Civitas Review

NC to Join 32 Other States That Don't Fund Driver's Ed


Wake County school leaders (and likely school leaders across the state) are up in arms about the state's elimination of funding for driver's ed programs.

Wake County school leaders warned Tuesday that the state’s elimination of funding for driver’s education could endanger public safety and will lead to higher costs for parents and taxpayers to fund the required program. After the fiscal year ends in June, the General Assembly plans to phase out the $26 million it now provides for driver’s education. But the state is still requiring school systems to offer the program. The school board made restoration of state funding for driver’s education one of the items for state lawmakers’ consideration when the General Assembly reconvenes in January. “I’m suggesting the legislature honor the bargain struck after the Depression, where the state funds the operation of the schools,” school board member Bill Fletcher said.

Left out of the article, however, was an answer to the question: do other state governments fund drivers ed programs?
The answer: not many.
This 2010 Program Evaluation Division report provides the relevant info:

North Carolina is one of eight states that fully fund driver education; it is the only state which funds the program from its state highway fund and does not have a dedicated revenue source for this purpose. Of the other 42 states, 10 provide partial funding and 32 do not fund their program at all.

Arizona ESAs worth a very close look


I've  written before about Education Savings Accounts (ESA) and why North Carolina ought to consider  developing a program (see here). In June, Florida saw the light and  joined Arizona and became the second state  to offer ESAs. The video talks about the benefits of the Arizona ESA program. ESAs work. They give parents control over their child's education. Best of all, ESAs allow children to attend the school that best fits their needs. ESAs make sense. All the more reason to hope that North Carolina becomes  the third state to offer ESAs.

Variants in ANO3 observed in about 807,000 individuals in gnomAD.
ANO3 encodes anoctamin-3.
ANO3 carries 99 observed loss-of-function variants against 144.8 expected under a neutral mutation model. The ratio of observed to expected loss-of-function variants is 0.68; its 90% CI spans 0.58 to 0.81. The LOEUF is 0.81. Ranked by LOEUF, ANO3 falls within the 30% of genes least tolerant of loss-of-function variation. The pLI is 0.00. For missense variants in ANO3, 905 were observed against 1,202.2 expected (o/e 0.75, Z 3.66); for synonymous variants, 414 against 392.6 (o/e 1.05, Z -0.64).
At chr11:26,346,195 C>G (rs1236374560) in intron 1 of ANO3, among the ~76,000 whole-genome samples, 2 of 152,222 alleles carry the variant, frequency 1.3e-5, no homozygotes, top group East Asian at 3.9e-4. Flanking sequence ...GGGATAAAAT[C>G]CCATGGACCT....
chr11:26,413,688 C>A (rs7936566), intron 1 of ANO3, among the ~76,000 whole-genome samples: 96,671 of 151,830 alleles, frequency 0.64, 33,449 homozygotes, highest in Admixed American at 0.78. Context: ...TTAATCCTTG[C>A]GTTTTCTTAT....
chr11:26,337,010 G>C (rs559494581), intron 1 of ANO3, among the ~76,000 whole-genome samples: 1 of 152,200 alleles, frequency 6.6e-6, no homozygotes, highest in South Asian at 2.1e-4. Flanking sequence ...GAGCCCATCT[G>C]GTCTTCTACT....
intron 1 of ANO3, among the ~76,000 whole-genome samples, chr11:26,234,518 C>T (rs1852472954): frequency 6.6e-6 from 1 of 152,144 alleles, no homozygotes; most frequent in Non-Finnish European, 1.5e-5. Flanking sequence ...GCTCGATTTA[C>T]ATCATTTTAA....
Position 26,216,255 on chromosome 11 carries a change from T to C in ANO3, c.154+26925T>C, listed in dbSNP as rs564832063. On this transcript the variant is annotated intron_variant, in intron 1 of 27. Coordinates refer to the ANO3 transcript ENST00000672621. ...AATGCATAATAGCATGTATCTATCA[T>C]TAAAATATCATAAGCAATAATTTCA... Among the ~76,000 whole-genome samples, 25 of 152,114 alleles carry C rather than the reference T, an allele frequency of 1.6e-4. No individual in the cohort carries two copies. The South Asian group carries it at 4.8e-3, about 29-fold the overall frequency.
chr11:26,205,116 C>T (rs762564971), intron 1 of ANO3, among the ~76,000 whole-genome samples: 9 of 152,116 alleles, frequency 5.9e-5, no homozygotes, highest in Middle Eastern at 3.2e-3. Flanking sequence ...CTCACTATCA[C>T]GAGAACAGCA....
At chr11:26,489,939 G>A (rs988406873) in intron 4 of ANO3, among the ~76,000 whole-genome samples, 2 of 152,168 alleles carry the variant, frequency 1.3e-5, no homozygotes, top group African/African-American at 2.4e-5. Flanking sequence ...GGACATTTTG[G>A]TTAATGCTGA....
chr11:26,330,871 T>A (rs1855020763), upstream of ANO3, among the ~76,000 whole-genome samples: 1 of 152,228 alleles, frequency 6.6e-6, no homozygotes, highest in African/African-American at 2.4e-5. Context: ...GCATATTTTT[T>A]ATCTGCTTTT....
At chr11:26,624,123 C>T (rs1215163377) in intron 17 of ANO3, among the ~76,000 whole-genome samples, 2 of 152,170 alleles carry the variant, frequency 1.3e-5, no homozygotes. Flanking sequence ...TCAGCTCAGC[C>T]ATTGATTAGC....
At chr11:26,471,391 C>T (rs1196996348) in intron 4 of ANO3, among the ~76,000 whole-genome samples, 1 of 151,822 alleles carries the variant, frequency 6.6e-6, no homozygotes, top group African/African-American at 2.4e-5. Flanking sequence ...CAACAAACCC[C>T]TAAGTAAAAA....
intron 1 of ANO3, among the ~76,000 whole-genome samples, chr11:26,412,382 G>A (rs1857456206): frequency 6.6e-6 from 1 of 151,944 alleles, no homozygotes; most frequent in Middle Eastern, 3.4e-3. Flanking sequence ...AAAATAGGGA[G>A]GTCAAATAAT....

WCPSS enrollment projections need overhaul


Kids Getting on School Bus

Last week, I published a brief piece titled Wake School Estimates must be double-checked.   As the name implies, it calls for a skeptical eye toward Wake County Public School System (WCPSS) enrollment estimates; which in my judgement  tend to be on the rosy side, almost bordering on unjustifiably optimistic.

That said, this morning’s News and Observer contains an article saying an enrollment shortfall of over 1,000 students could cost WCPSS about $2.4 million in funding.

Predicting K-12 enrollment is a difficult and potentially expensive task. All the more reason why WCPSS estimates need more scrutiny and should come from a neutral, independent source.

BOG Review is much needed


I'd like to add a few different thoughts to Brian Balfour's blogpost on the  BOG Review.

First let's recognize that recent press accounts tell us the Board of Governors review of UNC Centers and Institutes have generated more heat than light. Local student protest groups are hyperventilating and framing the review as a politically generated assault on higher education and minority groups. Our friend Jenna Robinson of the Pope Center for Higher Education has been covering the histrionics and offers her perspective here.

I’ve asked  policy makers to take a closer look at UNC Centers and Institutes on a number of occasions; most recently in June of this year and as far back as May of 2009.